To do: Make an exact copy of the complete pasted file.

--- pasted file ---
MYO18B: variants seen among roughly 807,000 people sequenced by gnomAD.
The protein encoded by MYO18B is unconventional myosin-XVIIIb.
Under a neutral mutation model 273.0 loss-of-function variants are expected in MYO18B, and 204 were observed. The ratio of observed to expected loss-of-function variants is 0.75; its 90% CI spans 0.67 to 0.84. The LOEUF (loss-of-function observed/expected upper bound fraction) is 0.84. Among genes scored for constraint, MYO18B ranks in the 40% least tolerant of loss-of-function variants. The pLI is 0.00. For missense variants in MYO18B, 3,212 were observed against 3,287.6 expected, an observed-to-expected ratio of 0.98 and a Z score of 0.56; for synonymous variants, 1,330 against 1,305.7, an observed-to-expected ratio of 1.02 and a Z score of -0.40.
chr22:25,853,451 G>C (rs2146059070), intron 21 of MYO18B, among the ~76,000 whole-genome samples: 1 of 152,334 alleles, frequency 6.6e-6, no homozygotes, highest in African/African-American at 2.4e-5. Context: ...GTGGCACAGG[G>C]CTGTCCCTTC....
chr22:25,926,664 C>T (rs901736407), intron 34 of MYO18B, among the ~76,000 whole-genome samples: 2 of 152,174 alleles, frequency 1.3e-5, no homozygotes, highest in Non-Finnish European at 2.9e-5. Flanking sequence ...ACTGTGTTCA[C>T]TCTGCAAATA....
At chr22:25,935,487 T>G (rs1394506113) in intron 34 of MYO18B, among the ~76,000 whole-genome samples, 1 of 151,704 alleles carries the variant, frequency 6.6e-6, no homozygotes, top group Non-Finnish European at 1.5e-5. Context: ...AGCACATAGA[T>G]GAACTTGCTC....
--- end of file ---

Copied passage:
MYO18B: variants seen among roughly 807,000 people sequenced by gnomAD.
The protein encoded by MYO18B is unconventional myosin-XVIIIb.
Under a neutral mutation model 273.0 loss-of-function variants are expected in MYO18B, and 204 were observed. The ratio of observed to expected loss-of-function variants is 0.75; its 90% CI spans 0.67 to 0.84. The LOEUF (loss-of-function observed/expected upper bound fraction) is 0.84. Among genes scored for constraint, MYO18B ranks in the 40% least tolerant of loss-of-function variants. The pLI is 0.00. For missense variants in MYO18B, 3,212 were observed against 3,287.6 expected, an observed-to-expected ratio of 0.98 and a Z score of 0.56; for synonymous variants, 1,330 against 1,305.7, an observed-to-expected ratio of 1.02 and a Z score of -0.40.
chr22:25,853,451 G>C (rs2146059070), intron 21 of MYO18B, among the ~76,000 whole-genome samples: 1 of 152,334 alleles, frequency 6.6e-6, no homozygotes, highest in African/African-American at 2.4e-5. Context: ...GTGGCACAGG[G>C]CTGTCCCTTC....
chr22:25,926,664 C>T (rs901736407), intron 34 of MYO18B, among the ~76,000 whole-genome samples: 2 of 152,174 alleles, frequency 1.3e-5, no homozygotes, highest in Non-Finnish European at 2.9e-5. Flanking sequence ...ACTGTGTTCA[C>T]TCTGCAAATA....
At chr22:25,935,487 T>G (rs1394506113) in intron 34 of MYO18B, among the ~76,000 whole-genome samples, 1 of 151,704 alleles carries the variant, frequency 6.6e-6, no homozygotes, top group Non-Finnish European at 1.5e-5. Context: ...AGCACATAGA[T>G]GAACTTGCTC....